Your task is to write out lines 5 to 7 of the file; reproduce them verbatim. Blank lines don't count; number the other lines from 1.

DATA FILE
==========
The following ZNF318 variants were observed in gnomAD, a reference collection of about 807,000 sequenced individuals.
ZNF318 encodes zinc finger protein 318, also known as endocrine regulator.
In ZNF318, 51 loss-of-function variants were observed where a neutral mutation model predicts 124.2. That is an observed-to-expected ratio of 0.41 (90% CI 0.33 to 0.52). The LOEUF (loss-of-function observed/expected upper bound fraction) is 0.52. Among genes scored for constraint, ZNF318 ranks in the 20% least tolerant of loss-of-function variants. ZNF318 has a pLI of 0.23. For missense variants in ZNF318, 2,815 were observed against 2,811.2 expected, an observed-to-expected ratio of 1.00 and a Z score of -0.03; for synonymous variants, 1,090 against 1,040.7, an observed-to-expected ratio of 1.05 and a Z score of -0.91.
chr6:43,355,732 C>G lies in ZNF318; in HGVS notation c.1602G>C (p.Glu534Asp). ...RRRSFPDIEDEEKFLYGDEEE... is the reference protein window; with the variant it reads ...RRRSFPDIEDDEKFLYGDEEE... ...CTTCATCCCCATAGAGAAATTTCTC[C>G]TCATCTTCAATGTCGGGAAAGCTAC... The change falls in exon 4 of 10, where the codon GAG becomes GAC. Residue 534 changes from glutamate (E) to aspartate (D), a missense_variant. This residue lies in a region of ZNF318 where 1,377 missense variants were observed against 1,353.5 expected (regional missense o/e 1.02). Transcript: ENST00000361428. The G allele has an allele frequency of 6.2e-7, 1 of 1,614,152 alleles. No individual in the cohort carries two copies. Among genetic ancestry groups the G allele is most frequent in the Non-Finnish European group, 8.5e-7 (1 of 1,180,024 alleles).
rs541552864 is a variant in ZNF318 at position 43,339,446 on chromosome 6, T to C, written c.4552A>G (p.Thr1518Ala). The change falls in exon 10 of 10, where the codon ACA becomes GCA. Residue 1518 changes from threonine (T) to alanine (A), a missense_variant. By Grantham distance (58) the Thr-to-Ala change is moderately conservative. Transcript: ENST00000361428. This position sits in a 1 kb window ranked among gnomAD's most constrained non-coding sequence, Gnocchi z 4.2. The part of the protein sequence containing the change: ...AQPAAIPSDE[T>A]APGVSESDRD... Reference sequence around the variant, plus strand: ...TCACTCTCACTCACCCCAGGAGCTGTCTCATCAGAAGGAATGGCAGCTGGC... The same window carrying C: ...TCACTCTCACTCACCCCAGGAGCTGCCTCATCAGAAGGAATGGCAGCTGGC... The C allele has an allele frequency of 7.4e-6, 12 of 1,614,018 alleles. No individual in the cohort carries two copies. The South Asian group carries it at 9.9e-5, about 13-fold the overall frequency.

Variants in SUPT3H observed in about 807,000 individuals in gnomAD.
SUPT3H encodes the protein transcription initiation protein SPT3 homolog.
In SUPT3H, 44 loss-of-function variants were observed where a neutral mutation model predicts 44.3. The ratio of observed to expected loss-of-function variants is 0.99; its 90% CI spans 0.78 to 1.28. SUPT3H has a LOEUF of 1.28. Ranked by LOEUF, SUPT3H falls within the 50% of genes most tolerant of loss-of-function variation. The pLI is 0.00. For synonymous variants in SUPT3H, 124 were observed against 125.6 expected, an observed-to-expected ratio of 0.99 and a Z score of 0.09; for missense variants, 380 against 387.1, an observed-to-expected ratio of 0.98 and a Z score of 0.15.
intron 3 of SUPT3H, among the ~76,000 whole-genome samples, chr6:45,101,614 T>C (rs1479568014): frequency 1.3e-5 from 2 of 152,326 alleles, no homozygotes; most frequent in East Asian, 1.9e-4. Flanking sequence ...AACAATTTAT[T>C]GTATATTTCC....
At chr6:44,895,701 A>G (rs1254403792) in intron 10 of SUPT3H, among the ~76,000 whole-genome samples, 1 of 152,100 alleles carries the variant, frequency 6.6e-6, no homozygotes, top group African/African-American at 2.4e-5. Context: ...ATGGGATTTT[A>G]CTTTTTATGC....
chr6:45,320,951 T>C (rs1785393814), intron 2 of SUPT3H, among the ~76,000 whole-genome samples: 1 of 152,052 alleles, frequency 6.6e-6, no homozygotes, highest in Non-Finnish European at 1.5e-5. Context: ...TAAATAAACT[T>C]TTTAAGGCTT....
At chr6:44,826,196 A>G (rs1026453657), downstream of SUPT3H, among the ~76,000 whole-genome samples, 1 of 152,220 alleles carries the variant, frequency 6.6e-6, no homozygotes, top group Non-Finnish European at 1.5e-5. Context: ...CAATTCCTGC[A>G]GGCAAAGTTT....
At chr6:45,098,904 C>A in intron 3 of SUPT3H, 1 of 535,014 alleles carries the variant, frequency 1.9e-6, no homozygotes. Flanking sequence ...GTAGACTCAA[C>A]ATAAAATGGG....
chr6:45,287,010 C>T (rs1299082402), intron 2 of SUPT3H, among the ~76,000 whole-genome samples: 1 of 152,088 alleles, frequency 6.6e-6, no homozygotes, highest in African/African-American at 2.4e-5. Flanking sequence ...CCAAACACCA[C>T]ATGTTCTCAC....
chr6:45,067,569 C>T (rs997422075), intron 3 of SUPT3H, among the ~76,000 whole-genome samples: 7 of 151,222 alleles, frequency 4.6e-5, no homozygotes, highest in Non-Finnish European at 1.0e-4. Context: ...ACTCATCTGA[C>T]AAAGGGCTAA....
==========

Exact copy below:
rs541552864 is a variant in ZNF318 at position 43,339,446 on chromosome 6, T to C, written c.4552A>G (p.Thr1518Ala). The change falls in exon 10 of 10, where the codon ACA becomes GCA. Residue 1518 changes from threonine (T) to alanine (A), a missense_variant. By Grantham distance (58) the Thr-to-Ala change is moderately conservative. Transcript: ENST00000361428. This position sits in a 1 kb window ranked among gnomAD's most constrained non-coding sequence, Gnocchi z 4.2. The part of the protein sequence containing the change: ...AQPAAIPSDE[T>A]APGVSESDRD... Reference sequence around the variant, plus strand: ...TCACTCTCACTCACCCCAGGAGCTGTCTCATCAGAAGGAATGGCAGCTGGC... The same window carrying C: ...TCACTCTCACTCACCCCAGGAGCTGCCTCATCAGAAGGAATGGCAGCTGGC... The C allele has an allele frequency of 7.4e-6, 12 of 1,614,018 alleles. No individual in the cohort carries two copies. The South Asian group carries it at 9.9e-5, about 13-fold the overall frequency.

Variants in SUPT3H observed in about 807,000 individuals in gnomAD.
SUPT3H encodes the protein transcription initiation protein SPT3 homolog.